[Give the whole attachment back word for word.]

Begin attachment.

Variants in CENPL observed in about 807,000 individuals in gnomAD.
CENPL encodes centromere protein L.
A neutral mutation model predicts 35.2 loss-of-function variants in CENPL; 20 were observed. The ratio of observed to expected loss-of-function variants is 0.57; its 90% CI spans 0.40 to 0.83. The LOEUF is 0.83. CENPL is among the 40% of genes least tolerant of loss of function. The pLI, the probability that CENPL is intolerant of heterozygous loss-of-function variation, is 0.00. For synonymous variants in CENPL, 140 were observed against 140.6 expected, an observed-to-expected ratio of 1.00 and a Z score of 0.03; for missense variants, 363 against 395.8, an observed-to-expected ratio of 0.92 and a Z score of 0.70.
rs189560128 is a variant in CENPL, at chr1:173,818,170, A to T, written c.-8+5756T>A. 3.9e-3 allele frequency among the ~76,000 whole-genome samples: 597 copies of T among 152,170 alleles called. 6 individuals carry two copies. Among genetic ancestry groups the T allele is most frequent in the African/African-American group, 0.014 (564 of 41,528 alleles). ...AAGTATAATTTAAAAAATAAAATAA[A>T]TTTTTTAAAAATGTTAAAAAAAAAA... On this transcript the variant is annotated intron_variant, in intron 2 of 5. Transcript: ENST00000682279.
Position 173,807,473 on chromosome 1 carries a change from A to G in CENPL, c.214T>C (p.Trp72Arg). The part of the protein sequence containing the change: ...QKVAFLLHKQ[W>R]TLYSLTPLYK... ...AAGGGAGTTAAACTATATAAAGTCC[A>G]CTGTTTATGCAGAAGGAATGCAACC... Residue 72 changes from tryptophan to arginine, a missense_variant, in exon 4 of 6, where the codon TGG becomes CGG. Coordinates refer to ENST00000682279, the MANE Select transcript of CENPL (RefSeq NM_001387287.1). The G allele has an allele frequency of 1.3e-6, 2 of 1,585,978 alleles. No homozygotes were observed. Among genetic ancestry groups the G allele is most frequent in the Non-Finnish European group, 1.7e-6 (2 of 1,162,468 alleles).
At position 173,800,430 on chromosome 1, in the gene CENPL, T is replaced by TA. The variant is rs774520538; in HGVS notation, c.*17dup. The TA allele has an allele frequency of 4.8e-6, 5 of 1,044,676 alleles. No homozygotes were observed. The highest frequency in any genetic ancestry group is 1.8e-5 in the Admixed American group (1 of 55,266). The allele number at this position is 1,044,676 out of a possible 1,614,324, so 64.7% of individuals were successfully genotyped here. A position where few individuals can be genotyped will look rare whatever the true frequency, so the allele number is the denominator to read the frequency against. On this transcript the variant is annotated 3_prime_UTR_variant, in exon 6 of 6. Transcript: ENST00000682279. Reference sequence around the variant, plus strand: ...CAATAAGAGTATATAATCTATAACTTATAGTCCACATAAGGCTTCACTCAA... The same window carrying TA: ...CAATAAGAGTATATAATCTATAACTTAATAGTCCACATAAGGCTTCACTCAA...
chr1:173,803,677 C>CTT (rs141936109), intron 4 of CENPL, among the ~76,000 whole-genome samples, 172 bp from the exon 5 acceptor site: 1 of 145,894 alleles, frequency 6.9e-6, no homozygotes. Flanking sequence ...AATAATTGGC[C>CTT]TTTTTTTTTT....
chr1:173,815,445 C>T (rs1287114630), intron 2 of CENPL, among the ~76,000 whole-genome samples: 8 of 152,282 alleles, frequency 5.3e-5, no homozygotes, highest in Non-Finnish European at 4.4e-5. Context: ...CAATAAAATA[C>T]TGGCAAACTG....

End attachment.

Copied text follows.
Variants in CENPL observed in about 807,000 individuals in gnomAD.
CENPL encodes centromere protein L.
A neutral mutation model predicts 35.2 loss-of-function variants in CENPL; 20 were observed. The ratio of observed to expected loss-of-function variants is 0.57; its 90% CI spans 0.40 to 0.83. The LOEUF is 0.83. CENPL is among the 40% of genes least tolerant of loss of function. The pLI, the probability that CENPL is intolerant of heterozygous loss-of-function variation, is 0.00. For synonymous variants in CENPL, 140 were observed against 140.6 expected, an observed-to-expected ratio of 1.00 and a Z score of 0.03; for missense variants, 363 against 395.8, an observed-to-expected ratio of 0.92 and a Z score of 0.70.
rs189560128 is a variant in CENPL, at chr1:173,818,170, A to T, written c.-8+5756T>A. 3.9e-3 allele frequency among the ~76,000 whole-genome samples: 597 copies of T among 152,170 alleles called. 6 individuals carry two copies. Among genetic ancestry groups the T allele is most frequent in the African/African-American group, 0.014 (564 of 41,528 alleles). ...AAGTATAATTTAAAAAATAAAATAA[A>T]TTTTTTAAAAATGTTAAAAAAAAAA... On this transcript the variant is annotated intron_variant, in intron 2 of 5. Transcript: ENST00000682279.
Position 173,807,473 on chromosome 1 carries a change from A to G in CENPL, c.214T>C (p.Trp72Arg). The part of the protein sequence containing the change: ...QKVAFLLHKQ[W>R]TLYSLTPLYK... ...AAGGGAGTTAAACTATATAAAGTCC[A>G]CTGTTTATGCAGAAGGAATGCAACC... Residue 72 changes from tryptophan to arginine, a missense_variant, in exon 4 of 6, where the codon TGG becomes CGG. Coordinates refer to ENST00000682279, the MANE Select transcript of CENPL (RefSeq NM_001387287.1). The G allele has an allele frequency of 1.3e-6, 2 of 1,585,978 alleles. No homozygotes were observed. Among genetic ancestry groups the G allele is most frequent in the Non-Finnish European group, 1.7e-6 (2 of 1,162,468 alleles).
At position 173,800,430 on chromosome 1, in the gene CENPL, T is replaced by TA. The variant is rs774520538; in HGVS notation, c.*17dup. The TA allele has an allele frequency of 4.8e-6, 5 of 1,044,676 alleles. No homozygotes were observed. The highest frequency in any genetic ancestry group is 1.8e-5 in the Admixed American group (1 of 55,266). The allele number at this position is 1,044,676 out of a possible 1,614,324, so 64.7% of individuals were successfully genotyped here. A position where few individuals can be genotyped will look rare whatever the true frequency, so the allele number is the denominator to read the frequency against. On this transcript the variant is annotated 3_prime_UTR_variant, in exon 6 of 6. Transcript: ENST00000682279. Reference sequence around the variant, plus strand: ...CAATAAGAGTATATAATCTATAACTTATAGTCCACATAAGGCTTCACTCAA... The same window carrying TA: ...CAATAAGAGTATATAATCTATAACTTAATAGTCCACATAAGGCTTCACTCAA...
chr1:173,803,677 C>CTT (rs141936109), intron 4 of CENPL, among the ~76,000 whole-genome samples, 172 bp from the exon 5 acceptor site: 1 of 145,894 alleles, frequency 6.9e-6, no homozygotes. Flanking sequence ...AATAATTGGC[C>CTT]TTTTTTTTTT....
chr1:173,815,445 C>T (rs1287114630), intron 2 of CENPL, among the ~76,000 whole-genome samples: 8 of 152,282 alleles, frequency 5.3e-5, no homozygotes, highest in Non-Finnish European at 4.4e-5. Context: ...CAATAAAATA[C>T]TGGCAAACTG....